GPs also were incentivised through offers of indemnity cover, longer 15-minute appointment times, access to a facilitated peer support network to reduce the potential feelings of loneliness and provide a forum to share experiences and learning, and a training budget to use for specialist interests and mandatory training, all organised through the project coordinator.
In the first seven months of implementation five GPs have been retained who would have otherwise left, three of which are over the age of 55. The scheme has been able to support local practices to fill short term vacant sessions and free up capacity for partners to focus on wider workforce planning. GPs on the scheme have been in frequent demand and practices (some of whom were running entirely on locums) have found the leadership and experience they provide to be invaluable. In summary the scheme has helped the local system to become more resilient.
- Understand the workforce: It has been essential to research the GP workforce in the area to identify those likely to be leaving and approach them directly rather than sending out generic communications to promote / recruit into the scheme. This allowed us to target the GPs directly to let them know what the scheme is about and how it may benefit them.
- Understand locum working requirements / pensions: It has been important to regularly familiarise ourselves with locum working and the legal requirements around this especially when dealing with self-employed GPs.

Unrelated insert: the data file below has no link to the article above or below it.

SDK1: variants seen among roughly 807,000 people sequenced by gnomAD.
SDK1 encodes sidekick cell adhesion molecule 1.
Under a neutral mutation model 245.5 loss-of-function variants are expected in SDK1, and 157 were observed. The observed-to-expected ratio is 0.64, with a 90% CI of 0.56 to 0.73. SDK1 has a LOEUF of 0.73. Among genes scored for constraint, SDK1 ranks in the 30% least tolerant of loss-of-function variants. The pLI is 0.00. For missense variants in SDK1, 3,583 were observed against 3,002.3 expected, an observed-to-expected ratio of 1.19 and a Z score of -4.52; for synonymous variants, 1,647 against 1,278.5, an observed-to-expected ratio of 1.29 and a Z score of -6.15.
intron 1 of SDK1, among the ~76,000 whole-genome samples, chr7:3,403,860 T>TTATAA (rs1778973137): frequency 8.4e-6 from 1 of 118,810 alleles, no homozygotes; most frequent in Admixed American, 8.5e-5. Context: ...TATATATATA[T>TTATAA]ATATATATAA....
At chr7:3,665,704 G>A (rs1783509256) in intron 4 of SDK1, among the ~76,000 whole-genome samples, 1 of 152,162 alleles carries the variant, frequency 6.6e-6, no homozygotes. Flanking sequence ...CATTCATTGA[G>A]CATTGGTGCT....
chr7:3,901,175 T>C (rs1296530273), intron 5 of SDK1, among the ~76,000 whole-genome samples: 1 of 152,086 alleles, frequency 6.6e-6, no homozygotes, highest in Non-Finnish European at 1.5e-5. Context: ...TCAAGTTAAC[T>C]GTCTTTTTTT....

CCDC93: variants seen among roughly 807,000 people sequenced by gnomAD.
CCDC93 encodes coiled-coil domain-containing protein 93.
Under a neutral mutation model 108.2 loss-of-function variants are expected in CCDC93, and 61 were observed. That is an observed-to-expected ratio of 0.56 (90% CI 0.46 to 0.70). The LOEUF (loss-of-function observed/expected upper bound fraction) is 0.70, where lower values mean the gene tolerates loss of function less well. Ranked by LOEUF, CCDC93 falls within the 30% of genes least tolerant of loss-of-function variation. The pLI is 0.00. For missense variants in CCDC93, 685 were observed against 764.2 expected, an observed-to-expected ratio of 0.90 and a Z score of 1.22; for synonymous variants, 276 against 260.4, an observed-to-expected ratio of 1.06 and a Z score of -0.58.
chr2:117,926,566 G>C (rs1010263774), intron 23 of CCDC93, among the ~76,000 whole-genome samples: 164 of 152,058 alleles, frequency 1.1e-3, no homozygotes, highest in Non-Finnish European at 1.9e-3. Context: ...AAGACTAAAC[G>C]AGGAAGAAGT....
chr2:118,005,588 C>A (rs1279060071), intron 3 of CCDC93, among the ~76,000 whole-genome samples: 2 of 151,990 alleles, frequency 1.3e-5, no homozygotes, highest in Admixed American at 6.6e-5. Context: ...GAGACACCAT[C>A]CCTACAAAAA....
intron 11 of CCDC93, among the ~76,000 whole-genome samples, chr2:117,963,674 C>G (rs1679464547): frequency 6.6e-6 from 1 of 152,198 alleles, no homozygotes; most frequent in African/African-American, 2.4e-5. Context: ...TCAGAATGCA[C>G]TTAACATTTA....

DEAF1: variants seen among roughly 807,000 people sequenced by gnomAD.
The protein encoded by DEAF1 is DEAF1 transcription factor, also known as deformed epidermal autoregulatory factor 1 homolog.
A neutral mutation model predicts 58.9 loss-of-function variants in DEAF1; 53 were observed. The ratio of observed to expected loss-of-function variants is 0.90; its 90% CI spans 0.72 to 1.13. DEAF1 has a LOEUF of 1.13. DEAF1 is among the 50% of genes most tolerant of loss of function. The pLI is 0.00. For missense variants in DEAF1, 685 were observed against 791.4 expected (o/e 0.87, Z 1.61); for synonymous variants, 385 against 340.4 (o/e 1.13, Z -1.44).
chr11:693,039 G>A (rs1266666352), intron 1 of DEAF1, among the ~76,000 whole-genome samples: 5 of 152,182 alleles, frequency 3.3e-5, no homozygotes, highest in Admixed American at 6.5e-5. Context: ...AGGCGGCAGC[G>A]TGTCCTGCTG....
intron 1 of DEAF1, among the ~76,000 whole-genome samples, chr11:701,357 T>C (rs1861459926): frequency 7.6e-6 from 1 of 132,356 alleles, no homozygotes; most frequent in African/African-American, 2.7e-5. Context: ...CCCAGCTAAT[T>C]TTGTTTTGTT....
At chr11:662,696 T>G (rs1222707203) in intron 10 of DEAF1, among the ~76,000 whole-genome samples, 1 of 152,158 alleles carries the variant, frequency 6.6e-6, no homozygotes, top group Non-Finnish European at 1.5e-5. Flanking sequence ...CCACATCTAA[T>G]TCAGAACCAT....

- Understand each GP as an individual: It was essential to understand the current positon of each GP as an individual to ensure that the scheme fits around their requirements to continue offering their clinical expertise within the area. We have found it very useful to meet regularly with our GPs to plan for any future changes in their capacity and training needs.
- Understand legal requirements: It was essential to familiarise ourselves with the legal requirements for implementing the scheme – including memorandums of understanding between all parties – to allow the CCG to run the staff bank. Having this gave assurance to our practices and GPs that it was a reliable and trustworthy scheme that could offer flexible working with a number of incentives.
- Understand pre-employment checks: It was essential to fully familiarise ourselves with both minimum requirements of pre-employment checks and what is required by practices, as these may be different. The project coordinator arranges all the pre-employment checks for each GP including DBS, medical defence, qualifications, ID, proof of address, performers list etc. and communicated to practices when the first session is arranged and is available on request for CQC inspections. This gives assurance to practices and the CQC that the GPs are eligible to work.
- Understand the limitations of the scheme: There have been challenges with the perception of the scheme and the limitations around what it can offer to practices. It has often occurred that practices and CCG colleagues have seen the scheme as a locum type agency which can support all of the workforce gaps across the area when in fact this is the opposite. The scheme is designed to provide a flexible working agreement to retain the skills and expertise within the area, therefore we often communicate with our colleagues to make them aware of the capacity of the GPs and what the scheme is used for.
Lauren Emmerson, STP Primary Care Workforce Coordinator, NHS Norfolk and Waveney CCG, email@example.com.
A detailed case study can be found on the FutureNHS Collaboration Platform which details how GYW set up their scheme, how it was run and GPs recruited. The FutureNHS Collaboration Platform is a platform designed to share best practice and learning. To request access, please email firstname.lastname@example.org.